In a season when quite a few expected them to be fighting relegation, they almost clinched promotion instead. Despite being asked about it several times, Hughton would refuse to use tiredness as an excuse, even when they eventually fell at the last hurdle of promotion back to the Premiership in the playoffs.
Roy Hodgson and Fulham – 2019-10 season (63 games).
Another example is that of Fulham, who played 63 games in the 2009-10 season under Roy Hodgson, reaching the final of the Europa League in the process. In all competitions, even counting highly peripheral players such as Kagisho Dikgacoi (who only played 5 minutes over the whole season) he drew on a total pool of 29 players. In that season, Hodgson had 10 players who made over 40 appearences that season, with 6 making over 50 appearences and keeper, Mark Schwarzer, making 60.
Having written that, it must also be pointed that Fulham’s Premiership finish did decline five places from that of the previous season, from 7th (a record for them) to 12th, though once again, Hodgson didn’t constantly blame tiredness for the drop.
Tony Pulis and Stoke City – 2011-12 season (56 games).
Looking at a side play in the more primitive and physically demanding style of direct “route one” football favoured by Pardew, Tony Pulis’s Stoke City played in the Europa League last season through being in the FA Cup final. Despite playing total of 56 games, drawing from a total pool of only 27 players, with 9 making over 40 appearences and Jonathan Walters making 54, their League position only dropped one place from 13th to 14th.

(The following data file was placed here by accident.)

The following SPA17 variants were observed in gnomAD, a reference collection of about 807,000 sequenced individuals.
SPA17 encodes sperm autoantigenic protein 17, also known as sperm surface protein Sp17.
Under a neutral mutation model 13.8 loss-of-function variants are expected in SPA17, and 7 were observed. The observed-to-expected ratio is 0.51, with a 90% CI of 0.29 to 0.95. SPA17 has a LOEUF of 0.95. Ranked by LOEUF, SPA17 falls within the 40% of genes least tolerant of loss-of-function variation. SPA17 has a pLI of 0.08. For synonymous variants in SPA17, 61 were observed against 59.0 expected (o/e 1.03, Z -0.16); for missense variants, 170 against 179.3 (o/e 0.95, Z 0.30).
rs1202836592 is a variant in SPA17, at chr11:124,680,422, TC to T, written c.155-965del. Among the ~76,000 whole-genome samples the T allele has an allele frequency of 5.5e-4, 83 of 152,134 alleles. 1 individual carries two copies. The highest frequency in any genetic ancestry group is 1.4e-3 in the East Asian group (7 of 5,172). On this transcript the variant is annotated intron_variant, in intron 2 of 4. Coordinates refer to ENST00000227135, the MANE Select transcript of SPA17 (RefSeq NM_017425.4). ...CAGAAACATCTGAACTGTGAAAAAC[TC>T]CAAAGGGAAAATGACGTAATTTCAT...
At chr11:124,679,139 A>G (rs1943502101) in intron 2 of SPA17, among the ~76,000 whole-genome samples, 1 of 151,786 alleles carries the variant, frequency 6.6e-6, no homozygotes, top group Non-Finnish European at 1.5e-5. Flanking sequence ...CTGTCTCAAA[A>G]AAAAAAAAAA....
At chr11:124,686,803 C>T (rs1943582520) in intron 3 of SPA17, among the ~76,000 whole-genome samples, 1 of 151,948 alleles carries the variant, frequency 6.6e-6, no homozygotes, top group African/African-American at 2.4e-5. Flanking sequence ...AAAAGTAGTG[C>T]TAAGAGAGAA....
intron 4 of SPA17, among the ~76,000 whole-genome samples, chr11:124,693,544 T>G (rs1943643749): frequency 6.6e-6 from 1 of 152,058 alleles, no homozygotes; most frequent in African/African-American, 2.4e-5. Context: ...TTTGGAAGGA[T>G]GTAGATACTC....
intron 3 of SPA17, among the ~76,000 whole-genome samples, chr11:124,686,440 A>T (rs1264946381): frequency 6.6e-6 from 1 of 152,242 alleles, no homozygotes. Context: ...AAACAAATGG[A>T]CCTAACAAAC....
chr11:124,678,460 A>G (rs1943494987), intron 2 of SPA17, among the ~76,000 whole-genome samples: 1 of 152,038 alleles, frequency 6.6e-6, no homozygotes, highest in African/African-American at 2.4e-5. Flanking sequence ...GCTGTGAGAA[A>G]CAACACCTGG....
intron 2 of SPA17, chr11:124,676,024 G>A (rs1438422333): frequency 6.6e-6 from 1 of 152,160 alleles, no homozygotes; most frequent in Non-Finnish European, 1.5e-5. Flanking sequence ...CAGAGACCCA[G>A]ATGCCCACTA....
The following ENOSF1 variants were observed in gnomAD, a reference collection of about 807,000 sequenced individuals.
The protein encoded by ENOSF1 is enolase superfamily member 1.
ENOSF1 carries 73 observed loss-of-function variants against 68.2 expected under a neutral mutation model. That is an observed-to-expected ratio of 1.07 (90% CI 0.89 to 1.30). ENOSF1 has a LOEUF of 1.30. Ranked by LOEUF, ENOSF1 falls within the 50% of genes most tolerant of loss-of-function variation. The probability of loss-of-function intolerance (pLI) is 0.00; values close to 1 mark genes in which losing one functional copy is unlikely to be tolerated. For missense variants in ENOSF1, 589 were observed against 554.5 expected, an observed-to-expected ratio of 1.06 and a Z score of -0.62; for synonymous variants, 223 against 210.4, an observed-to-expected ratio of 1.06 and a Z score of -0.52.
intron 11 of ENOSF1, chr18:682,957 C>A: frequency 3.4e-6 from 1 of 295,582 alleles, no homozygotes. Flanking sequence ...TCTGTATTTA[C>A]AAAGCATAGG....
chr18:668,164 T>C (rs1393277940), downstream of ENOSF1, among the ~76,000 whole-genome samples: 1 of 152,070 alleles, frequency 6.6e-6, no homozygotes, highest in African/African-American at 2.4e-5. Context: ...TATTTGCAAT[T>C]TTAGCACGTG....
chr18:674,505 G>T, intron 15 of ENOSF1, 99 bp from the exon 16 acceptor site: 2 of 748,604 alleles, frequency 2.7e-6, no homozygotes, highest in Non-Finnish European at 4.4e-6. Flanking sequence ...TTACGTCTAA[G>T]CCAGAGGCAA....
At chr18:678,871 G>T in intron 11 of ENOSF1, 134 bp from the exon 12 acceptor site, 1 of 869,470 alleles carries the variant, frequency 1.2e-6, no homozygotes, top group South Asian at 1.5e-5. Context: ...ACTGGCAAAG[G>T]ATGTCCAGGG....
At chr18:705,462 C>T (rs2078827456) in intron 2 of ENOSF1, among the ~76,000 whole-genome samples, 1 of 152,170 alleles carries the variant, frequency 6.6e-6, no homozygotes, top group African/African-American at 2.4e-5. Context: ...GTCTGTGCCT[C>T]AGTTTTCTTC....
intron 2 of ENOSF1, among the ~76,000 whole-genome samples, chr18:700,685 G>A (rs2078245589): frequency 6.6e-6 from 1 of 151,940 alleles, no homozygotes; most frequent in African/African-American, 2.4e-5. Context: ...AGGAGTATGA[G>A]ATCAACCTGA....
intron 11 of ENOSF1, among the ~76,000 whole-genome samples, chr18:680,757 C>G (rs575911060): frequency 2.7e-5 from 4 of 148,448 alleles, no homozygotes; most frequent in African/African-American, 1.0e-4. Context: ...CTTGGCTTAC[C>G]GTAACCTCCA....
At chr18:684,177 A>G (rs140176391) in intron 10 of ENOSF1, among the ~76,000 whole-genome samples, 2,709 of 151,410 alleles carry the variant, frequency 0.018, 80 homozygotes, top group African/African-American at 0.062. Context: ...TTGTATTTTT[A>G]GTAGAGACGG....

Now, to put these examples in perspective in relation to Newcastle United’s current season so far, Pardew has called on a total of 35 players, or 36 if you include Paul Dummett’s solitary 45 minute substitute appearence against Brighton in the FA Cup. There are only two players in the whole of their squad who could finish this season having played over 40 games, Papiss Cisse and Davide Santon. If they play in the remaining four games of the season (though Santon is currently on the injury list at the time of writing) they will could make a maximum of 46 and 42 appearences respectively as their totals for the current season so far are 42 and 38 currently, Behind them, there is a gaggle of players with 35 appearences. That’s it. I could cite many other examples just from last season or this season. I have deliberately kept away from examples at the very top such as Jose Mourinho’s “short” Real Madrid squad, who played a total of 58 games, or even their big rivals, Barcelona, who played 64 games with 14 players making over 40 appearences, 6 over 50, and Lionel Messi making 60.
Looking at other English clubs who were in Europe last season and this, Chelsea played 61 games last season on their way to winning the Champions League, Manchester City played 55, Manchester United, Tottenham and Arsenal played 54, and finally Liverpool played 52 games. This season, Chelsea have had to play another 61 games and their season isn’t over yet. Along with Newcastle United, Manchester United and Liverpool have played 50 games, with Arsenal and Tottenham one game behind on 49. Finally, we have Manchester City on only 46 so far.
For this season I have prepared a table below showing how Newcastle compares with the other teams who have been on European competition. It shows how many games they have played in all competitions, their league positions, how many players thay have used in total over the season and fianlly, how many have made over 40 appearences. It is ordered by the amount of players in each squad who have made over 40 appearences, with the the team who have the least first. If teams have the same amount of players with over 40 appearences, then they have been split by the amount of players they have used throughout the season.
|English clubs in Europe, 2012-13.|
LP – League Position.
PU – Total amount of players used over the course of the season.
40+ – Amount of players who have made over 40 appearences.
So, in conclusion, it seems that Pardew’s prating about tiredness doesn’t quite add up when you look at the evidence of other clubs.